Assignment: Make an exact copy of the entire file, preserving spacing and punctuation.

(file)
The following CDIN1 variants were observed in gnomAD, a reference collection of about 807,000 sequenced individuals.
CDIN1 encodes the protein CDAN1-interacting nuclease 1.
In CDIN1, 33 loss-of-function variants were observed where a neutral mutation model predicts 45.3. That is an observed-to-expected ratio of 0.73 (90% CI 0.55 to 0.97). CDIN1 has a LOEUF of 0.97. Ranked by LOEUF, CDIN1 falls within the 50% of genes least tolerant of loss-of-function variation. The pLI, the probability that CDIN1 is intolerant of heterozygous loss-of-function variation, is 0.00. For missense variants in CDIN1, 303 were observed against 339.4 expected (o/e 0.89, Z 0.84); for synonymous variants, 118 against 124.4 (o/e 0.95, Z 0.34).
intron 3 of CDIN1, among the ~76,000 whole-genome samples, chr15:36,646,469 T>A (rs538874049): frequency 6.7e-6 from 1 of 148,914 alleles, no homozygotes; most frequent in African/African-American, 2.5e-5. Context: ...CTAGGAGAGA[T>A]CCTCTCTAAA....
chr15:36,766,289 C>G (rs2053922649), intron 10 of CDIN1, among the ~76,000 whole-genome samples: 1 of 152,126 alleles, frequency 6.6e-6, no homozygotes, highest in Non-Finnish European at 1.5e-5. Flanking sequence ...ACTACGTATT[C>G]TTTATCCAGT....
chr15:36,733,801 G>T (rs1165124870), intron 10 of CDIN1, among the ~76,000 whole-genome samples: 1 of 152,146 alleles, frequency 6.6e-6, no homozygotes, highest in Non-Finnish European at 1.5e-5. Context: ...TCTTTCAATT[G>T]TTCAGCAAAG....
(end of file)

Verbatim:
The following CDIN1 variants were observed in gnomAD, a reference collection of about 807,000 sequenced individuals.
CDIN1 encodes the protein CDAN1-interacting nuclease 1.
In CDIN1, 33 loss-of-function variants were observed where a neutral mutation model predicts 45.3. That is an observed-to-expected ratio of 0.73 (90% CI 0.55 to 0.97). CDIN1 has a LOEUF of 0.97. Ranked by LOEUF, CDIN1 falls within the 50% of genes least tolerant of loss-of-function variation. The pLI, the probability that CDIN1 is intolerant of heterozygous loss-of-function variation, is 0.00. For missense variants in CDIN1, 303 were observed against 339.4 expected (o/e 0.89, Z 0.84); for synonymous variants, 118 against 124.4 (o/e 0.95, Z 0.34).
intron 3 of CDIN1, among the ~76,000 whole-genome samples, chr15:36,646,469 T>A (rs538874049): frequency 6.7e-6 from 1 of 148,914 alleles, no homozygotes; most frequent in African/African-American, 2.5e-5. Context: ...CTAGGAGAGA[T>A]CCTCTCTAAA....
chr15:36,766,289 C>G (rs2053922649), intron 10 of CDIN1, among the ~76,000 whole-genome samples: 1 of 152,126 alleles, frequency 6.6e-6, no homozygotes, highest in Non-Finnish European at 1.5e-5. Flanking sequence ...ACTACGTATT[C>G]TTTATCCAGT....
chr15:36,733,801 G>T (rs1165124870), intron 10 of CDIN1, among the ~76,000 whole-genome samples: 1 of 152,146 alleles, frequency 6.6e-6, no homozygotes, highest in Non-Finnish European at 1.5e-5. Context: ...TCTTTCAATT[G>T]TTCAGCAAAG....